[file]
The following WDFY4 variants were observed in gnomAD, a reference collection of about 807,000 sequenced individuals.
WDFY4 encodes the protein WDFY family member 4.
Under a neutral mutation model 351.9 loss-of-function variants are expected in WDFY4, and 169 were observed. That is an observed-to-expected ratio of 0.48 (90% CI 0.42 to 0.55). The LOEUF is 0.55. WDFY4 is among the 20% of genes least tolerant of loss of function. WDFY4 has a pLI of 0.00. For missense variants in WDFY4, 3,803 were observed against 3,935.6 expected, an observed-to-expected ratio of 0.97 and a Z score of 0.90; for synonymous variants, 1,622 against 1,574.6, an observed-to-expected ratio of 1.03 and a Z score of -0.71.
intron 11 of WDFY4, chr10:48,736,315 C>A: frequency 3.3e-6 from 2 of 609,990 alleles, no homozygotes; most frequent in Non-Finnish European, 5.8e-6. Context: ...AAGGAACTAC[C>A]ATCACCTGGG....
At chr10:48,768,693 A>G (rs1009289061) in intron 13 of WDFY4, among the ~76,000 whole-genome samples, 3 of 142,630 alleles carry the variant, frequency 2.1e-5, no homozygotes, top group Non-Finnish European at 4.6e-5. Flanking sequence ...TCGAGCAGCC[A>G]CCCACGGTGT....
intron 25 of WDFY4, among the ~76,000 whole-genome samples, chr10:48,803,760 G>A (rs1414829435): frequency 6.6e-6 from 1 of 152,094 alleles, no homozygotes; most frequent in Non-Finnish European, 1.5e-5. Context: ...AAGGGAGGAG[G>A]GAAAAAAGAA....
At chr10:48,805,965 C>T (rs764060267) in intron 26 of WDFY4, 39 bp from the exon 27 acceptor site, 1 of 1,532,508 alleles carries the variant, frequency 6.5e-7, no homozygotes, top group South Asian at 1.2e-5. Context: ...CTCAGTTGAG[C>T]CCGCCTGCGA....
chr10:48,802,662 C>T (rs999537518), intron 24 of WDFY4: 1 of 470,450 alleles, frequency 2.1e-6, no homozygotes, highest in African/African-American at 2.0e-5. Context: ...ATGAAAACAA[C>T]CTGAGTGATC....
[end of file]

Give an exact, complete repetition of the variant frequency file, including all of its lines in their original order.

The following WDFY4 variants were observed in gnomAD, a reference collection of about 807,000 sequenced individuals.
WDFY4 encodes the protein WDFY family member 4.
Under a neutral mutation model 351.9 loss-of-function variants are expected in WDFY4, and 169 were observed. That is an observed-to-expected ratio of 0.48 (90% CI 0.42 to 0.55). The LOEUF is 0.55. WDFY4 is among the 20% of genes least tolerant of loss of function. WDFY4 has a pLI of 0.00. For missense variants in WDFY4, 3,803 were observed against 3,935.6 expected, an observed-to-expected ratio of 0.97 and a Z score of 0.90; for synonymous variants, 1,622 against 1,574.6, an observed-to-expected ratio of 1.03 and a Z score of -0.71.
intron 11 of WDFY4, chr10:48,736,315 C>A: frequency 3.3e-6 from 2 of 609,990 alleles, no homozygotes; most frequent in Non-Finnish European, 5.8e-6. Context: ...AAGGAACTAC[C>A]ATCACCTGGG....
At chr10:48,768,693 A>G (rs1009289061) in intron 13 of WDFY4, among the ~76,000 whole-genome samples, 3 of 142,630 alleles carry the variant, frequency 2.1e-5, no homozygotes, top group Non-Finnish European at 4.6e-5. Flanking sequence ...TCGAGCAGCC[A>G]CCCACGGTGT....
intron 25 of WDFY4, among the ~76,000 whole-genome samples, chr10:48,803,760 G>A (rs1414829435): frequency 6.6e-6 from 1 of 152,094 alleles, no homozygotes; most frequent in Non-Finnish European, 1.5e-5. Context: ...AAGGGAGGAG[G>A]GAAAAAAGAA....
At chr10:48,805,965 C>T (rs764060267) in intron 26 of WDFY4, 39 bp from the exon 27 acceptor site, 1 of 1,532,508 alleles carries the variant, frequency 6.5e-7, no homozygotes, top group South Asian at 1.2e-5. Context: ...CTCAGTTGAG[C>T]CCGCCTGCGA....
chr10:48,802,662 C>T (rs999537518), intron 24 of WDFY4: 1 of 470,450 alleles, frequency 2.1e-6, no homozygotes, highest in African/African-American at 2.0e-5. Context: ...ATGAAAACAA[C>T]CTGAGTGATC....